Margot is home from America because Chloe has killed her twin sister Claudia. Or so it seems. The only witness to the crime is the emotionally scarred, and difficult, Lynette, who is Claudia's child, and who found Chloe with the bloody knife in her hand.
While the publisher has promoted this book as a mystery, it is not. What it is, is a long, and pretty bland, English gothic detailing the stress, and the deterioration of a family. And this is the meat of the plot of this novel.
One of the first things that will grab the reader's attention is that there is the feel that the reader has fallen into the middle of a book that has already begun long before the first page is read. I, at first, thought that this was part of a series, but no, it seems to be a stand-alone. Margot is already home, the murder has happened months ago, and the reader is plunked down in the middle of a large and confusing cast of characters. Unfortunately, not many of them ever became interesting enough for me, the reader, to keep straight in my mind, and those that do standout, standout only because of their irritation factor. F'r ghod's sake, after a while I just wanted to stick my boot down Wilfred's throat, as this fat boy just kept eating, and eating, and stuffing food into his mouth like an alcoholic who can't stop drinking. But he's not alone, everybody in this family seems dysfunctional in some obnoxious, or irritating, manner; I just wanted to beat Lynette senseless with her damn bell. And since the reader is set down, cold, into all of this, there is no sympathy for any of them, and their behavior just becomes tiresome, so that while this book is rather short, it just seemed to take forever to get through.
Marian Babson is supposed to be some form of humorist, but while all of this dysfunctional psychosis may be droll, it wasn't, in the end, amusing, insightful, or entertaining.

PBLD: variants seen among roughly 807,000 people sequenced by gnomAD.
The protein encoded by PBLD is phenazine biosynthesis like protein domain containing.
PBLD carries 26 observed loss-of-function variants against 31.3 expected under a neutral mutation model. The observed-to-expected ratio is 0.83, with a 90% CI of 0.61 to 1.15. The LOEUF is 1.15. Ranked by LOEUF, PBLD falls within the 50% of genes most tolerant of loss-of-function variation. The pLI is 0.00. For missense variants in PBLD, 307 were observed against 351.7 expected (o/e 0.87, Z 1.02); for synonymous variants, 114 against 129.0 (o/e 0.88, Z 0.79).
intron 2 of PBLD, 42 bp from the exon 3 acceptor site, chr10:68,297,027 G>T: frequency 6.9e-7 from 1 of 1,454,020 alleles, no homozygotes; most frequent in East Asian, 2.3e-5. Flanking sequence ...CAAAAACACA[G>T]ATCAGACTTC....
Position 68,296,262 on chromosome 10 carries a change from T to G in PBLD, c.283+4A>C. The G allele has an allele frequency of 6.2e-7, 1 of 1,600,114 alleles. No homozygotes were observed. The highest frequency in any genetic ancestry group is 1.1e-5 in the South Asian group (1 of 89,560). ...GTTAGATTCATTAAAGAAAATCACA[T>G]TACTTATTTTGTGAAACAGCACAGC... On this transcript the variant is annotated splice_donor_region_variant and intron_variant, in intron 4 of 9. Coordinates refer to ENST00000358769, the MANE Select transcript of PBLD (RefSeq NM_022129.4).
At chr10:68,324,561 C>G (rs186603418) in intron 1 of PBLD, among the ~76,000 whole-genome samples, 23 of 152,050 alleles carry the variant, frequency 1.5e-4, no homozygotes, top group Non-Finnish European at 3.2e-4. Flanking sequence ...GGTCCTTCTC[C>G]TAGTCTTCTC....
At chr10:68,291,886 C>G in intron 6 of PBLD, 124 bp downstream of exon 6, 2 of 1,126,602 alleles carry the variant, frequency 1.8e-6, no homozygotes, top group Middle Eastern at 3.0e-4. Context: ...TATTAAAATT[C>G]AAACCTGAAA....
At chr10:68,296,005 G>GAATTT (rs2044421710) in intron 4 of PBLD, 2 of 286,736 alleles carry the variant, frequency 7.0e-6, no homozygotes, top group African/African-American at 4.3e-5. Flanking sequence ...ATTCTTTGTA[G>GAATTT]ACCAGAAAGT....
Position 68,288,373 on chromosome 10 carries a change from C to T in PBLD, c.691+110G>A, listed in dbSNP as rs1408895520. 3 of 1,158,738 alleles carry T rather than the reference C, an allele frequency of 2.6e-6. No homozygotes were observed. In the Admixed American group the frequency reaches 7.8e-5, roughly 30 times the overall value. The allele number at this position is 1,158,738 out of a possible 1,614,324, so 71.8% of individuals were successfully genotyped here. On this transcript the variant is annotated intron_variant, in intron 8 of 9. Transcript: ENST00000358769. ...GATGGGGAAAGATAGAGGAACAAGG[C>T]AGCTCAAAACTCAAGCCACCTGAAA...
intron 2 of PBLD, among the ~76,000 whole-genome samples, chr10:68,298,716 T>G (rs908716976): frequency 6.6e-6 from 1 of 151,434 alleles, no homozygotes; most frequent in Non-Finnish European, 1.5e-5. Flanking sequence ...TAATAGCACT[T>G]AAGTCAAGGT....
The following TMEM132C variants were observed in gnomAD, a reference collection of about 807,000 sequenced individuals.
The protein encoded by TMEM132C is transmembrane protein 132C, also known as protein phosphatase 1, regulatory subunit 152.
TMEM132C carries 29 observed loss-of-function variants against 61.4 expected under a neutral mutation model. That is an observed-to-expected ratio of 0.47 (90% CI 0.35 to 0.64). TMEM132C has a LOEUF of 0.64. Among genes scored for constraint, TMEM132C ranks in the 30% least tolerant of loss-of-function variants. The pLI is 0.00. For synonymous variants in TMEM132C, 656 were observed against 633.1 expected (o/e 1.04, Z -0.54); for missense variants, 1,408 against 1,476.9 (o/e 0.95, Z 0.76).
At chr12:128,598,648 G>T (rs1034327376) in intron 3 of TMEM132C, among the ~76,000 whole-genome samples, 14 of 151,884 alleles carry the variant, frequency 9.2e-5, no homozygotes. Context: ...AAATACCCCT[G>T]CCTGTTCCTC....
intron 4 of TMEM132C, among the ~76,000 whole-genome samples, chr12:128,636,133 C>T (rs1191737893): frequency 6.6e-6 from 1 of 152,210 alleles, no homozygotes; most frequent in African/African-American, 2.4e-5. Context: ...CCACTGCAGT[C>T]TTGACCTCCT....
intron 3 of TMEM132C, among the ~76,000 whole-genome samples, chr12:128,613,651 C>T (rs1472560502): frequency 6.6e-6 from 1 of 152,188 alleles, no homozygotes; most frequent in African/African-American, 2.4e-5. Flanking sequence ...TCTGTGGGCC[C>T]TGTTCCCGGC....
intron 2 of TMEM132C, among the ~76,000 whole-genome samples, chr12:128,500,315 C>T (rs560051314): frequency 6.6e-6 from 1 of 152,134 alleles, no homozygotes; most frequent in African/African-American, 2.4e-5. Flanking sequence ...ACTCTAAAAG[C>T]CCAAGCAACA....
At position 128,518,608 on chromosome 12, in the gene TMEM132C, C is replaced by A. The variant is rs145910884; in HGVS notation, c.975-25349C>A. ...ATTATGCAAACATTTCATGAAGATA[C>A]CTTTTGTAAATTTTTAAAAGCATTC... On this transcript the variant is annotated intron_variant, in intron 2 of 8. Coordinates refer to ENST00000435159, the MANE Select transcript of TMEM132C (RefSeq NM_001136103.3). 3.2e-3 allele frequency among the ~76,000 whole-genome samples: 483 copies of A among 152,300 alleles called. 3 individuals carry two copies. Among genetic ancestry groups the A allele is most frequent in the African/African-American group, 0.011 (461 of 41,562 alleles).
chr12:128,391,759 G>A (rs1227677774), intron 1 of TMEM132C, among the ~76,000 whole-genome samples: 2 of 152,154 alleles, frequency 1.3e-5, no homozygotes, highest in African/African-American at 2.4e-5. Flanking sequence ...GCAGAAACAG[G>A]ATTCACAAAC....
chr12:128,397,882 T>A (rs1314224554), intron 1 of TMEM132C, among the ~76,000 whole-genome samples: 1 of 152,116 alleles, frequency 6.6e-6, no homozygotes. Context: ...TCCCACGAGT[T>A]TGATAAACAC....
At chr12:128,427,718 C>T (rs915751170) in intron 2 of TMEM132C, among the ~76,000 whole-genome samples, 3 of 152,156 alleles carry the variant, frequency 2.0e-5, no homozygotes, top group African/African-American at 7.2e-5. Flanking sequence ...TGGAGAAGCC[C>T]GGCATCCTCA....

Again, this is marketed as a mystery, but there is no mystery, no detecting, no on stage crime until page one hundred and thirty-seven, and even that happens off-stage and only the results are shown. The novel's true murderer, whose identity I had long stopped carrying about, is only revealed, by accident, at the novel's ending. Yes, you have to wade through almost two hundred pages of humdrum and tedious misbehavior in "The Cat Next Door" to get to the denouement. It's a bad sign when you envy the two dead characters as they got out of the novel before the reader did.
ON THE OTHER HAND, Kam Mac gives this novel a dynamite cover. What an excellent portrait of a cat, you can see every hair and whisker. Sadly, if you think you're going to read a mystery novel with a cat as an integral character you're going to be sadly disappointed. Tikki has little page time as he wanders in and out of the novel in a random manner, and is seen in only a few pages, total, of this novel . Lucky cat.
I'm sorry, but while Marian Babson has been very prolific over the years, there's just not a chance in Hell that I am going to read any more of her novels.
For this site I have reviewed these other British cozies:
The Limbo Connection by Derry Quinn.
Lock 14 (Inspector Maigret Mysteries) by George Simenon.
Lion in the Cellar by Pamela Branch.
Mrs. Bradley #18: The Rising of the Moon (Virago Modern Classics) by Gladys Mitchell.
Mrs. Bradley #46: Winking At the Brim - Large Print by Gladys Mitchell.
Mrs. Bradley #48: Late, Late in the Evening by Gladys Mitchell.
The shadow before by L. P. Davies.
What did I do tomorrow? by L. P. Davies.
The Wooden Overcoat by Pamela Branch.
And one from Canada.
In Adam's Fall by Phoebe Wray.